It’s been a week since our last post, all because of our third Double Whammy session 5 March was followed by a radical drop in our blood hemoglobin levels, leaving us feeling, well, utterly devastated and incapable of focusing our thoughts to the degree required by coherent writing.
A day after the session, whilst undergoing a new regimen of IV fluid replacement [two liters for each of three consecutive four-hour daily sessions] tests revealed the blood crisis, and on the following day, last Friday, two pints of red blood cells were added to the fluids.
We felt better for a day. But just a day. That old cisplatin, the heaviest gun in our chemo regimen, knocks us on our ass every time, with impacts greater after each successive round.
By yesterday, when it came time for our gemcitabine-only chemo session, the hemoglobin was still well above the red line minimum, while new anti-nausea medications were added to the regime, along with more bowel-stimulating meds to counteract the effects of the anti-nausea drugs and two-and-a-half liters of more saline solution to keep the fluids up, another anti-constipation measure.
Oh, and just for the record, the constipation increases the nausea. . .
So that’s the way it rolls here in ChemoLand, where first surgery [removing bladder and prostate], then chemical assault, have been deployed against that aggressive ["high grade" in oncology-speak] and relatively rare micropapillary carcinoma discovered last October after a bit of blood appeared amongst the urine in the toilet bowl,
The irony, of course, is that we didn’t experience the slightest pain until we were catheterized for the first look inside the bladder, where the camera spotted an ominous form and a remote-controlled blade sliced off the hunk of growth that would firm the worst.
Then came the surgery, five hours or so, including the temporary emplacement of another catheter, with the pain partly abated by a Fentanyl spinal bloc that spared us much of the pain.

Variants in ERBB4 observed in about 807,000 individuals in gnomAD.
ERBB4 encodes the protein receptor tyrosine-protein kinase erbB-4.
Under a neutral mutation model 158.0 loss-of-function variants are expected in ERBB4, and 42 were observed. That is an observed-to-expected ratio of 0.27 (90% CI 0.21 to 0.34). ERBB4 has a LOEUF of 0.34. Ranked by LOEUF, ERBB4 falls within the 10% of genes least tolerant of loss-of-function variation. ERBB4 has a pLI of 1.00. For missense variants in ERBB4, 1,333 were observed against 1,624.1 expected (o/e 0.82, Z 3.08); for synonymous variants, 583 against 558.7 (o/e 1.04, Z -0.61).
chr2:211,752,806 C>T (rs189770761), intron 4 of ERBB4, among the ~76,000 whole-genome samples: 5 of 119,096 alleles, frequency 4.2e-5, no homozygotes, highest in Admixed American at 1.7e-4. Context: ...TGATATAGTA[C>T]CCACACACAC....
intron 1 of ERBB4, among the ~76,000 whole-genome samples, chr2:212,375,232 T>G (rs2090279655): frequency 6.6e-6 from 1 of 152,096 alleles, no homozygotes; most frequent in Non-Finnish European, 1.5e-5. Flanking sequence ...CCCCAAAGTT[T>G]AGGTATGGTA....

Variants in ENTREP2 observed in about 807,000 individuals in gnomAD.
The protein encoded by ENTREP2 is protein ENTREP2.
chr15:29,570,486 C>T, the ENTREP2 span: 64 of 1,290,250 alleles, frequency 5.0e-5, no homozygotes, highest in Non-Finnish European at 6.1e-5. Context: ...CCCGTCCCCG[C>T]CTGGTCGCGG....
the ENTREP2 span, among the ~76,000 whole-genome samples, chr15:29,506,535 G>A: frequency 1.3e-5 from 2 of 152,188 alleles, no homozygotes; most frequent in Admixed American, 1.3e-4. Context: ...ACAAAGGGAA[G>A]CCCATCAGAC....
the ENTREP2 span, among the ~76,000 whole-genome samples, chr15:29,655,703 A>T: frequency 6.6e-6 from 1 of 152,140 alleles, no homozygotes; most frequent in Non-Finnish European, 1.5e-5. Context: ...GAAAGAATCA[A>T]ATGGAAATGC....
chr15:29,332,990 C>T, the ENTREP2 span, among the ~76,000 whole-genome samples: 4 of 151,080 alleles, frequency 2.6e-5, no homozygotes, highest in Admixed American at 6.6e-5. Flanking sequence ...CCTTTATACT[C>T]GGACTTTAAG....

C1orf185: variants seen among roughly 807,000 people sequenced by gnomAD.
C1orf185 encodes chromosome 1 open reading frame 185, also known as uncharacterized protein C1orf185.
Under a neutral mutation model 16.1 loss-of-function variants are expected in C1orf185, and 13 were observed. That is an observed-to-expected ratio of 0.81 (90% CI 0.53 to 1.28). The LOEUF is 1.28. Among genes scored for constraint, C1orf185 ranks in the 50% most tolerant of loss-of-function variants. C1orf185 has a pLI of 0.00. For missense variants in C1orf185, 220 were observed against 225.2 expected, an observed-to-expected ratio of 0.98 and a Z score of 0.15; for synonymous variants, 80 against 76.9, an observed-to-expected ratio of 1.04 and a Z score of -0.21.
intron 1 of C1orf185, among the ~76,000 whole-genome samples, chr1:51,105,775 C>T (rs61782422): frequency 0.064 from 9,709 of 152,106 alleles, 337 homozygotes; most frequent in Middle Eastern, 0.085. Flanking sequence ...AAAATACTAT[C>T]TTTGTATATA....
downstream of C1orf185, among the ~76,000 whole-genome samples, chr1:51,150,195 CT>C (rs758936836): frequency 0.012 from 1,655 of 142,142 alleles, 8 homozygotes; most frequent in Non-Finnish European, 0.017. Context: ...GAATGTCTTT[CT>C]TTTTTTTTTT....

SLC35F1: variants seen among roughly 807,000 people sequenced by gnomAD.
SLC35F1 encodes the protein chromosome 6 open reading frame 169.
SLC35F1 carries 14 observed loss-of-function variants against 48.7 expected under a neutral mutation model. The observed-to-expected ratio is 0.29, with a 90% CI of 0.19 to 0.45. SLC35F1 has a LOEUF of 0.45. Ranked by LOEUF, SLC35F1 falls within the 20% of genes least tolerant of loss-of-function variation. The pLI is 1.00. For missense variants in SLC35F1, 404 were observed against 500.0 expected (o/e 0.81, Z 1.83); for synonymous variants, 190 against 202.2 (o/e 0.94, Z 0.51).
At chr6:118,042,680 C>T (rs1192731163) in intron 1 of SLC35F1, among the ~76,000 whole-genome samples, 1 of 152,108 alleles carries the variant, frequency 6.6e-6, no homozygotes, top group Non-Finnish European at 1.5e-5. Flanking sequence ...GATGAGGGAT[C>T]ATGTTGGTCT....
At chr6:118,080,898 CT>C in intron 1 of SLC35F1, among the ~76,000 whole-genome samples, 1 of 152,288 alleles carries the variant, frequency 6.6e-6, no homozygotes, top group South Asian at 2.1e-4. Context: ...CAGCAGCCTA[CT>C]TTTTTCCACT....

We were sent home with a whole raft of Percocets after a short but disastrous nursing home stay. We took none, having discovered that our level of pain tolerance, previously low, had risen considerably.
But then, just as we were finally recovering from the surgery, came the chemo. . .all because that nasty little cancer had escaped to one of the twenty lymph nodes taken during the surgery.
Dispelling a rumor
We’re somewhat bemused by the words we hear a lot these days, wherein people say they’re confident I’ll beat this thing because we’re so strong.
Other words we’ve heard are “courageous” and “brave.”
Our initial response was self-deprecating, the sort of thing expected of someone raised in a Calvinist household in a small Kansas farm town on the very first year of the Baby Boom.
We came to see that we are, in a peculiar way, strong. “You’re a pig-headed little Dutchman,” Dad used to say in frustration. So if strength equates to stubbornness, that’s probably true. But it’s also not a matter of choice. Nor is it always pleasant for those nearest and dearest [as when we walked away in anger from Sacramento Bee after they killed stories about political corruption in California, leaving our then-spouse and new mother of two to play wage-earner.]
Sure, we fought for the stories because we felt they were important enough for the public to know. But mostly we fought because we had no other choice. It was, quite simply, in our nature to do nothing else but fight, consequences be damned.
But courage and bravery — really?
We’re thought about the labels as they apply to our current, carcinomous episode, and we reject them.
To our mind, courage and bravery imply an element of volition, a choice. But more that that, they describe actions taken on behalf of others. Actions embodying the very thing Ayn Rand so vehemently despised, altruism.
Heroes, to us, are those who risk all on behalf of others. Our battle with cancer is strictly personal, waged on our own behalf. We just that pig-headed little Dutchman a few years on. There’s no volition involved. It’s just what we do.
A reporter who covered the White House back when Lyndon Johnson ruled the roost once told me that First Spouse Lady Bird Johnson once told him “Politicians should be born foundlings and die bachelors.” Perhaps that’s true of heroes as well.